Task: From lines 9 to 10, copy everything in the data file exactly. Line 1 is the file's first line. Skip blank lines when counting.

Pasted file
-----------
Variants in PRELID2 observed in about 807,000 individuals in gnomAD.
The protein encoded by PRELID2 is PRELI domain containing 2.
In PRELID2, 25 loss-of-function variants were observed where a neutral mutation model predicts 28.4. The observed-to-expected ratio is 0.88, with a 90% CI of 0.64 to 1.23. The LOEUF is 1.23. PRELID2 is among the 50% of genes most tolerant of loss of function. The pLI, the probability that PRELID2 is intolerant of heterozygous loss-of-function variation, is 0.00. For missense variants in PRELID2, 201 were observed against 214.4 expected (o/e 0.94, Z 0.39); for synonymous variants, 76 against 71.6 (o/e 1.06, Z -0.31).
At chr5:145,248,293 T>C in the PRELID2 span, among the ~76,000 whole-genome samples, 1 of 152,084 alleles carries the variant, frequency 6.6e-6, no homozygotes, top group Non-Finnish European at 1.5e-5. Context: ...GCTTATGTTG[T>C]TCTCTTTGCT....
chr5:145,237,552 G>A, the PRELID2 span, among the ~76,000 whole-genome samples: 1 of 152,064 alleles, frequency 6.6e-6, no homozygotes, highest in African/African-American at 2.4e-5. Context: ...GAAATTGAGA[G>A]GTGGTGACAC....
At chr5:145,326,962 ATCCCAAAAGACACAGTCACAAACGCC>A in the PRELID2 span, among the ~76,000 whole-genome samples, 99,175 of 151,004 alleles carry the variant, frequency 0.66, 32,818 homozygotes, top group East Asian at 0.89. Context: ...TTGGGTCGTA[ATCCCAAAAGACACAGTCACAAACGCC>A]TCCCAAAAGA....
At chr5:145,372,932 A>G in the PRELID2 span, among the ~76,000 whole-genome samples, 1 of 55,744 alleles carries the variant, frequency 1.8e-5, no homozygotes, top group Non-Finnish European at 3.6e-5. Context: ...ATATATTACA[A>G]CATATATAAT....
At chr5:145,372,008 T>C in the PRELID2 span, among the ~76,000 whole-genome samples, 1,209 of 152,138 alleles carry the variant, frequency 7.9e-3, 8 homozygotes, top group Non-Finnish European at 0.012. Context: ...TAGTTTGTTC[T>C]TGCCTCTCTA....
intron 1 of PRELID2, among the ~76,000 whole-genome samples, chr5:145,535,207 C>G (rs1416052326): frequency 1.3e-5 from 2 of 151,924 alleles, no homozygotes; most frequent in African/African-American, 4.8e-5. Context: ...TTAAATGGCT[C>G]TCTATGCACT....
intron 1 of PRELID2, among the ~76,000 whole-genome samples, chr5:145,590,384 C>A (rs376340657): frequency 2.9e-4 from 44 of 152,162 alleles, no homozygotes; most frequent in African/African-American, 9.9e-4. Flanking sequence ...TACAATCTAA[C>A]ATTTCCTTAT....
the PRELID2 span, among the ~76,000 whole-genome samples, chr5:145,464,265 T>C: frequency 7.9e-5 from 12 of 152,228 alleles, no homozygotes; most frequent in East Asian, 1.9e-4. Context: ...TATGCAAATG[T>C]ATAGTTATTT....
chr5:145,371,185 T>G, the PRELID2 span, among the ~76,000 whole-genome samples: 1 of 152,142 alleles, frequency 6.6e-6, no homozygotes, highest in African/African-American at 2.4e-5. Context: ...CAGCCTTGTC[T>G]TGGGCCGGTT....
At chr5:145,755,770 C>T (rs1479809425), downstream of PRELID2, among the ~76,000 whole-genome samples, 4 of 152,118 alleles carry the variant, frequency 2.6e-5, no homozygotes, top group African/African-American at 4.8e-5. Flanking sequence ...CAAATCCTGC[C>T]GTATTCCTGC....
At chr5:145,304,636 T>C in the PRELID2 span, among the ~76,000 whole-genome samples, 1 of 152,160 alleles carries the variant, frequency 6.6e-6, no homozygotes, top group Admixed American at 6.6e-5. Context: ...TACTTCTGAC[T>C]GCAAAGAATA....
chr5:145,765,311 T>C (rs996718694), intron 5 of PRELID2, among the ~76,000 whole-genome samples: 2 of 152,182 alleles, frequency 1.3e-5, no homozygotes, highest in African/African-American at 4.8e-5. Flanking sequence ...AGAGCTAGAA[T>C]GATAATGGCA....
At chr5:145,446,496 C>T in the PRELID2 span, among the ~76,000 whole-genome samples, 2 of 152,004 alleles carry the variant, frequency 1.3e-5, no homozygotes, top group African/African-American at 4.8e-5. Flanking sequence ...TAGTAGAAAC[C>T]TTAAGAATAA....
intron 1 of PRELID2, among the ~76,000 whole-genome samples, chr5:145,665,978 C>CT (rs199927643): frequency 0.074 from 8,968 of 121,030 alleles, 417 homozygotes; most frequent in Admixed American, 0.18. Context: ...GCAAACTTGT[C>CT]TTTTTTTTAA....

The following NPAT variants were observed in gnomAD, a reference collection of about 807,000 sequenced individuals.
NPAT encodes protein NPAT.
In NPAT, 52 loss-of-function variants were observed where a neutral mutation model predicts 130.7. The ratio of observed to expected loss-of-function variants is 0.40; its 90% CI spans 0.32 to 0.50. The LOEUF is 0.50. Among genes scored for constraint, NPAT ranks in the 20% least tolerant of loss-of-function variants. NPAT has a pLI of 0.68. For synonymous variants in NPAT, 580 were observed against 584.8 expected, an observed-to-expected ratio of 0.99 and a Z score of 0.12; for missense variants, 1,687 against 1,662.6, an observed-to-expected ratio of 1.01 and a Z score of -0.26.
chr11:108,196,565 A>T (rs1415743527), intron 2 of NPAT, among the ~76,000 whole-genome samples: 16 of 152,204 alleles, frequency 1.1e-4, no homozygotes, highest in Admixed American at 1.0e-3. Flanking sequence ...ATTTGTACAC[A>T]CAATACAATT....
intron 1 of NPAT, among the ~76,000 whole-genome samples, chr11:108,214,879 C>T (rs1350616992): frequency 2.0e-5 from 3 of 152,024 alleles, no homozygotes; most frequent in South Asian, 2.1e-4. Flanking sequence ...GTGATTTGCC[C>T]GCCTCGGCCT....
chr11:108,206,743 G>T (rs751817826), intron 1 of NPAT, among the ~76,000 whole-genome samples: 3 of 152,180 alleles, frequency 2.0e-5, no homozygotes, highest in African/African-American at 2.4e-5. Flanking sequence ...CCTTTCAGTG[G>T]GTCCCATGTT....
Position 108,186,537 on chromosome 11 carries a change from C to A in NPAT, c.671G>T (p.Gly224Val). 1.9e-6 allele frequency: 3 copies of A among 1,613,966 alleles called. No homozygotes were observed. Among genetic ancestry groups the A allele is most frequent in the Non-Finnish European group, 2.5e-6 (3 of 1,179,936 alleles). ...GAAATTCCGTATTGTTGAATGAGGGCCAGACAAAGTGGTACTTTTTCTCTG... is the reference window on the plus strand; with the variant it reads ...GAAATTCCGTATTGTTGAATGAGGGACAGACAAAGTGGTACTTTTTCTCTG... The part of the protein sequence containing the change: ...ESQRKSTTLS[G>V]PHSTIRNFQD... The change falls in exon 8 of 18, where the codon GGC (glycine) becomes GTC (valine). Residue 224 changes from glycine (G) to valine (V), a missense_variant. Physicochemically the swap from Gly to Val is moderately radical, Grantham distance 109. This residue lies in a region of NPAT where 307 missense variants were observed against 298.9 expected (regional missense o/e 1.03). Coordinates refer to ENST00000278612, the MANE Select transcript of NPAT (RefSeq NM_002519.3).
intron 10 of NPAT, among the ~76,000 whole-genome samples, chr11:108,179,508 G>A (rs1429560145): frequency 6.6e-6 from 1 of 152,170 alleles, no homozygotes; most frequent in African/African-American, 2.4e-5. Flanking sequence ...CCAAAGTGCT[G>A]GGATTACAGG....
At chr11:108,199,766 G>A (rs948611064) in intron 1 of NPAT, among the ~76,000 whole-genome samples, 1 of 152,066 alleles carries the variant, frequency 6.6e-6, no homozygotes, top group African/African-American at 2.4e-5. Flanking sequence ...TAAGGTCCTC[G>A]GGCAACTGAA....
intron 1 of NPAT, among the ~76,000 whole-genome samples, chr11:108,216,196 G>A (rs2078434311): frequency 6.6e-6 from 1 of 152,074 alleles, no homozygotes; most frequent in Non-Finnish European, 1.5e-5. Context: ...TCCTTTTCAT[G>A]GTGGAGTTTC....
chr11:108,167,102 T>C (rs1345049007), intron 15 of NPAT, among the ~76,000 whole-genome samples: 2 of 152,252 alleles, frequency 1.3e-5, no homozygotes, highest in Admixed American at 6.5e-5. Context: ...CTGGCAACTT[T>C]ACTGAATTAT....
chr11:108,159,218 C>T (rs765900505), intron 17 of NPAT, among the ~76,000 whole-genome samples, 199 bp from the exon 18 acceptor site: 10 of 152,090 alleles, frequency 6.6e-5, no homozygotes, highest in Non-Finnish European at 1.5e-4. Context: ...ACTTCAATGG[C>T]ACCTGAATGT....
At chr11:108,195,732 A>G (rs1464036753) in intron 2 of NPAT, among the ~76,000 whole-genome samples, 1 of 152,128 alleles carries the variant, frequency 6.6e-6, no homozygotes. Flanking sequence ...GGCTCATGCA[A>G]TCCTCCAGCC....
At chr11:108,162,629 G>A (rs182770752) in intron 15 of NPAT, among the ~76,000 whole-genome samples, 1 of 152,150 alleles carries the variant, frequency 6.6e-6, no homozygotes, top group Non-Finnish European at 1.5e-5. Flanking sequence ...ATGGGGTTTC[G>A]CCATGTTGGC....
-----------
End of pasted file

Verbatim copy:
intron 1 of PRELID2, among the ~76,000 whole-genome samples, chr5:145,535,207 C>G (rs1416052326): frequency 1.3e-5 from 2 of 151,924 alleles, no homozygotes; most frequent in African/African-American, 4.8e-5. Context: ...TTAAATGGCT[C>G]TCTATGCACT....
intron 1 of PRELID2, among the ~76,000 whole-genome samples, chr5:145,590,384 C>A (rs376340657): frequency 2.9e-4 from 44 of 152,162 alleles, no homozygotes; most frequent in African/African-American, 9.9e-4. Flanking sequence ...TACAATCTAA[C>A]ATTTCCTTAT....